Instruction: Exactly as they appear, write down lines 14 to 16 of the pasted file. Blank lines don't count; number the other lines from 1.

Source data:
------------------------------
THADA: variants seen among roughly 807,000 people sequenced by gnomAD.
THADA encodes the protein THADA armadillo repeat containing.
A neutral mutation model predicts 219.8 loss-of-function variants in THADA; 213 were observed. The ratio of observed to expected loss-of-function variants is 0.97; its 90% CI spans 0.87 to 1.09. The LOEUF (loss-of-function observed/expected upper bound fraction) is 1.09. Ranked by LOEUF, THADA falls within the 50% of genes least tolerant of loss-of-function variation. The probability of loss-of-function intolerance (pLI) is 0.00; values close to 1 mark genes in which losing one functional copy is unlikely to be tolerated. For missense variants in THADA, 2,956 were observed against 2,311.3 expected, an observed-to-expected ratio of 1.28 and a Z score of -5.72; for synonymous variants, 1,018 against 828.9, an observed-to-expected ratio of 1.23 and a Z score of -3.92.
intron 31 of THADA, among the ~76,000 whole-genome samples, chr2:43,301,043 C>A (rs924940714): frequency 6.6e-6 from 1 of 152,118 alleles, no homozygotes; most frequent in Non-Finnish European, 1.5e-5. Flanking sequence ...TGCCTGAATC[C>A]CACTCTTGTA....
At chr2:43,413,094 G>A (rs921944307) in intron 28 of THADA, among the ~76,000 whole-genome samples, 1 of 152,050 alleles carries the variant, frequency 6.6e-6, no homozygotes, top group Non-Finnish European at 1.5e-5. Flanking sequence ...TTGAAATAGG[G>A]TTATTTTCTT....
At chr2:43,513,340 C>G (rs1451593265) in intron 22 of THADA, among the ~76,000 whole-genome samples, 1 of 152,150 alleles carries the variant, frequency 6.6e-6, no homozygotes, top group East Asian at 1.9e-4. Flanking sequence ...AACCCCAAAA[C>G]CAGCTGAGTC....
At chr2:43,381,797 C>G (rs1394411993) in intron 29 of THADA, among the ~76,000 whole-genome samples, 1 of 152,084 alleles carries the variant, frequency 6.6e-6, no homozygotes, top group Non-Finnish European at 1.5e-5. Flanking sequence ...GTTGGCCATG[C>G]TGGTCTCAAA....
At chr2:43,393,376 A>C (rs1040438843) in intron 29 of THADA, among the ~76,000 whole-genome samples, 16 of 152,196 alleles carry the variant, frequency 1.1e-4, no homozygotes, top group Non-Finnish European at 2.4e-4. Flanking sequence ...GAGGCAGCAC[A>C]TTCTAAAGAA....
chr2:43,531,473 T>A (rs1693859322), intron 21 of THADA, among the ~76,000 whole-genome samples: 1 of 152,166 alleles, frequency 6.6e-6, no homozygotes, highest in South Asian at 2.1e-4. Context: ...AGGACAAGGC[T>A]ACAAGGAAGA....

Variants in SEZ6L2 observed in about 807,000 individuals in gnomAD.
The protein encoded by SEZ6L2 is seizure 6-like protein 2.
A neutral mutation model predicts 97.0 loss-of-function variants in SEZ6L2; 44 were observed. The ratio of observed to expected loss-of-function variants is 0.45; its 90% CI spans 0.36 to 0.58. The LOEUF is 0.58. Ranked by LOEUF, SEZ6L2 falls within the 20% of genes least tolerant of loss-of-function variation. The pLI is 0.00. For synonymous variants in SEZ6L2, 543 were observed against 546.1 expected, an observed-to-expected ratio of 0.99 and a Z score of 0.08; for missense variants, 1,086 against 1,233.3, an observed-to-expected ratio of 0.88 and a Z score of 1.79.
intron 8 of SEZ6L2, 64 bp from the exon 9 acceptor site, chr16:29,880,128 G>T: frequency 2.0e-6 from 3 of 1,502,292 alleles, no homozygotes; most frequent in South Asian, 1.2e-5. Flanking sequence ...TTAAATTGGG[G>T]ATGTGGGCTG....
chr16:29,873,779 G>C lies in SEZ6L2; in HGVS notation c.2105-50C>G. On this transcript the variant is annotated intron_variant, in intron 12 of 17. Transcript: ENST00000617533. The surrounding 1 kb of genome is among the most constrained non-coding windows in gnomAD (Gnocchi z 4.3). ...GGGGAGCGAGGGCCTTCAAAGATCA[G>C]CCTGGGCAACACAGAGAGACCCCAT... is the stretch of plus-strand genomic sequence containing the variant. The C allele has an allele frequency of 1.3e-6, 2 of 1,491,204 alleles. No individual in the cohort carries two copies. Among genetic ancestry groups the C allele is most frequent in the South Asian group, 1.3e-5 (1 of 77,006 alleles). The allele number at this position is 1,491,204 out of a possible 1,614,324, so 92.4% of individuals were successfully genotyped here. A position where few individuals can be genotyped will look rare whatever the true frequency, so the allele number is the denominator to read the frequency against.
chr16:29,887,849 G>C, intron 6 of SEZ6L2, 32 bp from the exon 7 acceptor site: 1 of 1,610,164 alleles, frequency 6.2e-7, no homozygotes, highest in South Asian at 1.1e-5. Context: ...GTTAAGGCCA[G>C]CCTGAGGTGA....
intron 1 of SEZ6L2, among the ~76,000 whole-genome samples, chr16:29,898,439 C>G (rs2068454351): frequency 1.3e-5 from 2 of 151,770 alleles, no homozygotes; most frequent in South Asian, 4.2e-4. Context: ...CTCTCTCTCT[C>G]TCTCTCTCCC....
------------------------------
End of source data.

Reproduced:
chr16:29,873,779 G>C lies in SEZ6L2; in HGVS notation c.2105-50C>G. On this transcript the variant is annotated intron_variant, in intron 12 of 17. Transcript: ENST00000617533. The surrounding 1 kb of genome is among the most constrained non-coding windows in gnomAD (Gnocchi z 4.3). ...GGGGAGCGAGGGCCTTCAAAGATCA[G>C]CCTGGGCAACACAGAGAGACCCCAT... is the stretch of plus-strand genomic sequence containing the variant. The C allele has an allele frequency of 1.3e-6, 2 of 1,491,204 alleles. No individual in the cohort carries two copies. Among genetic ancestry groups the C allele is most frequent in the South Asian group, 1.3e-5 (1 of 77,006 alleles). The allele number at this position is 1,491,204 out of a possible 1,614,324, so 92.4% of individuals were successfully genotyped here. A position where few individuals can be genotyped will look rare whatever the true frequency, so the allele number is the denominator to read the frequency against.
chr16:29,887,849 G>C, intron 6 of SEZ6L2, 32 bp from the exon 7 acceptor site: 1 of 1,610,164 alleles, frequency 6.2e-7, no homozygotes, highest in South Asian at 1.1e-5. Context: ...GTTAAGGCCA[G>C]CCTGAGGTGA....
intron 1 of SEZ6L2, among the ~76,000 whole-genome samples, chr16:29,898,439 C>G (rs2068454351): frequency 1.3e-5 from 2 of 151,770 alleles, no homozygotes; most frequent in South Asian, 4.2e-4. Context: ...CTCTCTCTCT[C>G]TCTCTCTCCC....